Using the REST API with a Bluetooth® Low Energy device
This guide shows how to use endpoints in the nRF Cloud REST API to interact with a device running a Bluetooth® Low Energy (LE) application.
To complete all the steps in this guide, you need:
An nRF9160 DK programmed with the nRF Cloud demo application.
This application demonstrates the Bluetooth LE capabilities of the nRF9160 DK. See Building and programming an application in the nRF Connect SDK documentation for how to program the application to the DK.
An iOS or Android phone running the nRF Cloud gateway phone application.
An nRF Cloud account.
The examples in this tutorial use cURL to construct API requests. You can also use a separate application for API calls, such as Postman or Insomnia.
Connecting nRF Cloud Demo to nRF Cloud
Complete these steps to connect nRF Cloud Demo:
Open the nRF Cloud gateway on your phone.
In the phone app, log in using your nRF Cloud account.
In a browser, log in to the nRF Cloud portal.
Click Device Management on the left, select Gateways, and select your gateway.
If you are not sure which option is your current gateway, check the name and gateway ID in the Account section of the phone app.
Note the gateway ID.
You need the gateway ID for the cURL examples.
On the gateway's page, click the green + button in the Devices card.
Click Bluetooth Device.
This starts the gateway's Bluetooth LE scan process.
Select nRF Cloud Demo.
When prompted about device groups, click No:
The nRF Cloud Demo device page opens, with the Tutorial card visible.
If you do not see the Tutorial card, refresh the page.
Note the device ID.
The device ID is in parentheses after nRF Cloud Demo at the top. You need the device ID for the API calls in the examples.
To enable Bluetooth LE notifications, expand the options in the nRF Connect card, then click the play icon:
REST API call examples
This section contains examples for operating Bluetooth LE devices using the nRF Cloud REST API. The examples include fetching device data, toggling LED lights on the device, and refreshing the stored state of the device. When performing the operations, you can see gateway events processing in the Device Log card in the device's page on nRF Cloud portal.
Before you can use the cURL examples, you must retrieve and set some environment variables.
Setting the environment variables
Complete these steps to retrieve your API key, and set the API key, device ID, and gateway ID as environmental variables:
Log in to the nRF Cloud portal.
Click the three-line menu in the upper right corner and select User Account.
Note the API key from the Team Details card. Regenerate the API key if it is no longer valid.
See REST API authentication for more information on API key.
Set the environment variables:
Fetching Bluetooth LE device data
To view the state of your Bluetooth LE device, call the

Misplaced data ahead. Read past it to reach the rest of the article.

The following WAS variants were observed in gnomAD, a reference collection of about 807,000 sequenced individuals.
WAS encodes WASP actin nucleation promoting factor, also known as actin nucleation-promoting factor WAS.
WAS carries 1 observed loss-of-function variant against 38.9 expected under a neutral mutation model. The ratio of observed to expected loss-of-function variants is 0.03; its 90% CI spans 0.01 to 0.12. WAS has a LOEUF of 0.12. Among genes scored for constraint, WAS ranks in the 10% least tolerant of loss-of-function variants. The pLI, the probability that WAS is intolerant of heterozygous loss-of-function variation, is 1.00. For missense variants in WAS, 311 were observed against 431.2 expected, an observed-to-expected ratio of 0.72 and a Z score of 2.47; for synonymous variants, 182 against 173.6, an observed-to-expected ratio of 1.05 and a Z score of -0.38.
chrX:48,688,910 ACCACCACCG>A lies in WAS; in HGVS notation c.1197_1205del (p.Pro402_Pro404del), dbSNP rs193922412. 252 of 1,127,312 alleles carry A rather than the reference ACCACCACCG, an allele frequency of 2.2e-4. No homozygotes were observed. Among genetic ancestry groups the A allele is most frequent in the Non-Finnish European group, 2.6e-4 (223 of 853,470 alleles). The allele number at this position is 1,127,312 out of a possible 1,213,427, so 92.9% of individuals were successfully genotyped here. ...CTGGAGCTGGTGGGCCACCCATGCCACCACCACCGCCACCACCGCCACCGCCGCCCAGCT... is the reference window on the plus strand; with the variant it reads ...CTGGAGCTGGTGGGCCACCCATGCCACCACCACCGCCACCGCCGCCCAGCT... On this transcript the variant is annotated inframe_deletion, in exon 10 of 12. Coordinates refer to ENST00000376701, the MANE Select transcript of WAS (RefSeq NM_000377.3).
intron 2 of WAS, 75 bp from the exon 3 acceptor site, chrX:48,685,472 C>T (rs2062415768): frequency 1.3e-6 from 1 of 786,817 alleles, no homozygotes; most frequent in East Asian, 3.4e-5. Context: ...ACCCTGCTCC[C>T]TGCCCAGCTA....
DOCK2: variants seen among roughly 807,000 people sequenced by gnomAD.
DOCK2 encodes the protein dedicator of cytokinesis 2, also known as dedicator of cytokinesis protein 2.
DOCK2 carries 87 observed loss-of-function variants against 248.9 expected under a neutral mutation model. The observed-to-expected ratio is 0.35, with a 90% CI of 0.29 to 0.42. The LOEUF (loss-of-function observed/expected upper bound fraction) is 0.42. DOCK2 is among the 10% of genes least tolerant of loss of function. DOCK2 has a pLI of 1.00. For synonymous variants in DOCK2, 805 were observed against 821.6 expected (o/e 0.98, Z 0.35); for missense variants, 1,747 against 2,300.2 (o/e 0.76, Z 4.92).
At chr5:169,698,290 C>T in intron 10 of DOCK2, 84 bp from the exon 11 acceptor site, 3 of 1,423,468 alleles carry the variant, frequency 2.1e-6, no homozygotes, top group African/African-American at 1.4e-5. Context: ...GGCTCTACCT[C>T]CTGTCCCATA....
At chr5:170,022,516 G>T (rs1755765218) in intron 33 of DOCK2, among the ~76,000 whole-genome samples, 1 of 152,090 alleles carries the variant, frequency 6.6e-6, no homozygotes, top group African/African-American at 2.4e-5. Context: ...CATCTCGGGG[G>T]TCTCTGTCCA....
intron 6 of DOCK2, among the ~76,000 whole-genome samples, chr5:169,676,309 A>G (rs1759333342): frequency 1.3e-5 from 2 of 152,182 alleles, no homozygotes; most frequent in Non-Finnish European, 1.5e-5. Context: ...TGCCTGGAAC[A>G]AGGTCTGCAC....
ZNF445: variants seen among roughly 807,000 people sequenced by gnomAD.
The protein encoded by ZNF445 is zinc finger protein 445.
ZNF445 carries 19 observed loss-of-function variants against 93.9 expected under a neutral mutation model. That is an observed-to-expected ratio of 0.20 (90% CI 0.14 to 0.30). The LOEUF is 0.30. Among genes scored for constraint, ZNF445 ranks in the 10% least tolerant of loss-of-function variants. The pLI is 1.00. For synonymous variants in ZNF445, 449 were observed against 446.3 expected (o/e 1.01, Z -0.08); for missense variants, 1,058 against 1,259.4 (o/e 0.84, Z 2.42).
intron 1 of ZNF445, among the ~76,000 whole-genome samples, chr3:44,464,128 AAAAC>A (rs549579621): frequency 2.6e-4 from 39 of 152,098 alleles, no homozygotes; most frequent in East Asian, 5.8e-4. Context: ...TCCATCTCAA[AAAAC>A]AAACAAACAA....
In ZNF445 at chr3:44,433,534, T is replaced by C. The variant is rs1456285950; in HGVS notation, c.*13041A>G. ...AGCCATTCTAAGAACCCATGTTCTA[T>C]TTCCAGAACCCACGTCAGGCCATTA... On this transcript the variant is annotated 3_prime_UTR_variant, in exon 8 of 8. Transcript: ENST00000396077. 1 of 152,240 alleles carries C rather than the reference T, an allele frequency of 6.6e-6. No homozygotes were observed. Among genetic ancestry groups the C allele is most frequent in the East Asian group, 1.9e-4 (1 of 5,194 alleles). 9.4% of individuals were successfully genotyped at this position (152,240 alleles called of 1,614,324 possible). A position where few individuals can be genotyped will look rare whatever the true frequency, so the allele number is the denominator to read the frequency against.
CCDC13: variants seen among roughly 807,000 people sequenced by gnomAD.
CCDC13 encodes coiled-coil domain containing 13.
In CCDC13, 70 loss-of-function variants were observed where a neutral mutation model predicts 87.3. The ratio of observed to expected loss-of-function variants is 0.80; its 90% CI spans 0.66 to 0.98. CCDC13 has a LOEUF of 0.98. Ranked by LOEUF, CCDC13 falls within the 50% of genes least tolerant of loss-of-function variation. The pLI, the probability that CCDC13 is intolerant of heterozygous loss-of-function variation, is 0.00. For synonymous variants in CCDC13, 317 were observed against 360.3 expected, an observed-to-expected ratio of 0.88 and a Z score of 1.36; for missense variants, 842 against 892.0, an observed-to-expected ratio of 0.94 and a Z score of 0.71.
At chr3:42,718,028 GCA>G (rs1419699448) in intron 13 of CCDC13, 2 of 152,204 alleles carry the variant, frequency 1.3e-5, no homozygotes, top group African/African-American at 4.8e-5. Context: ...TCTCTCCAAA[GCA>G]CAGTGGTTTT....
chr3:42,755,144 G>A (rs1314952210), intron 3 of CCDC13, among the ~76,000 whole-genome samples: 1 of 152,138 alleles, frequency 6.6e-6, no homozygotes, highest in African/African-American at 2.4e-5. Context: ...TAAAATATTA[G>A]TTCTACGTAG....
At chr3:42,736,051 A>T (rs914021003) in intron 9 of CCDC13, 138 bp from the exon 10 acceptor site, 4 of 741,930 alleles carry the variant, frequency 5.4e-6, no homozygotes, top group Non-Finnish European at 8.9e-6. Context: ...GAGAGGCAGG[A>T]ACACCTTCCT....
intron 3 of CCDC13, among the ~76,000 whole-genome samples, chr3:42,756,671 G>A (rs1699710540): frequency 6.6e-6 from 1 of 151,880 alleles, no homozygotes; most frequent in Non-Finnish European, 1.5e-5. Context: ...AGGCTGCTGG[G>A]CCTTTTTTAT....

curl https://api.nrfcloud.com/v1/devices/$DEVICE_ID -H "Authorization:Bearer $API_KEY"
Below is an example JSON response. When using the
FetchDevice endpoint, hex values for lights are converted to integer arrays, so
0A 00 is equivalent to
The JSON response can be large. If you want a smaller response, read Transforming JSON responses. Note that
tags in the response means device groups.
value field for characteristic
086022228277EF8E1523785788778193 in this example is
[10, 0], indicating that LEDs 2 and 4 are on. This value is also visible in the Tutorial Lights section of the nRF Connect card in the device's page on the nRF Cloud portal.
Toggling LED lights
Each LED light on the nRF9160 DK has a corresponding hex value: LED1
01 00, LED2
02 00, LED3
04 00, LED4
08 00. To toggle LED lights, use the
UpdateCharacteristicValue endpoint to send a new characteristic value in the request body as an array.
When using the endpoint, the hex values are converted to integer arrays. For example, to turn on LED3 and LED4, send
[12,0]. The current array is visible in the Tutorial Lights section of the nRF Connect card in the device's page on the nRF Cloud portal.
Note the characteristic ID fetched from the device. In the above example, it is
086022228277EF8E1523785788778193. Set the characteristic ID as an environment variable:
Send the integer array corresponding to the lights you want to turn on. For example, this turns on LED3 and LED4:
curl --request PUT \
--url https://api.nrfcloud.com/v1/devices/$DEVICE_ID/characteristics/$CHARACTERISTIC_ID \
--header 'Authorization: Bearer $API_KEY' \
--header 'Content-Type: application/json' \
For comparison, you can also toggle the LED lights in the nRF Cloud portal, without using the REST API:
- You can click any of the four buttons on the nRF9160 DK to toggle the LED lights. You can see them turn on and off in the Web image in the Tutorial card.
- You can click the Web image in the Tutorial card to toggle the lights.
- You can directly edit the integer array value in the Tutorial Lights section of the nRF Connect card.
Refreshing the stored state of the Bluetooth LE device
To refresh the stored state of a connected Bluetooth LE peripheral, issue a discover request:
curl --request POST \
--url https://api.nrfcloud.com/v1/devices/$GATEWAY_ID/discover/$DEVICE_ID \
--header 'Authorization: Bearer $API_KEY'
This causes the gateway to which the Bluetooth LE device is connected to rediscover all of its Bluetooth services. This can take a few seconds. Once the rediscovery has completed, you can fetch the updated state.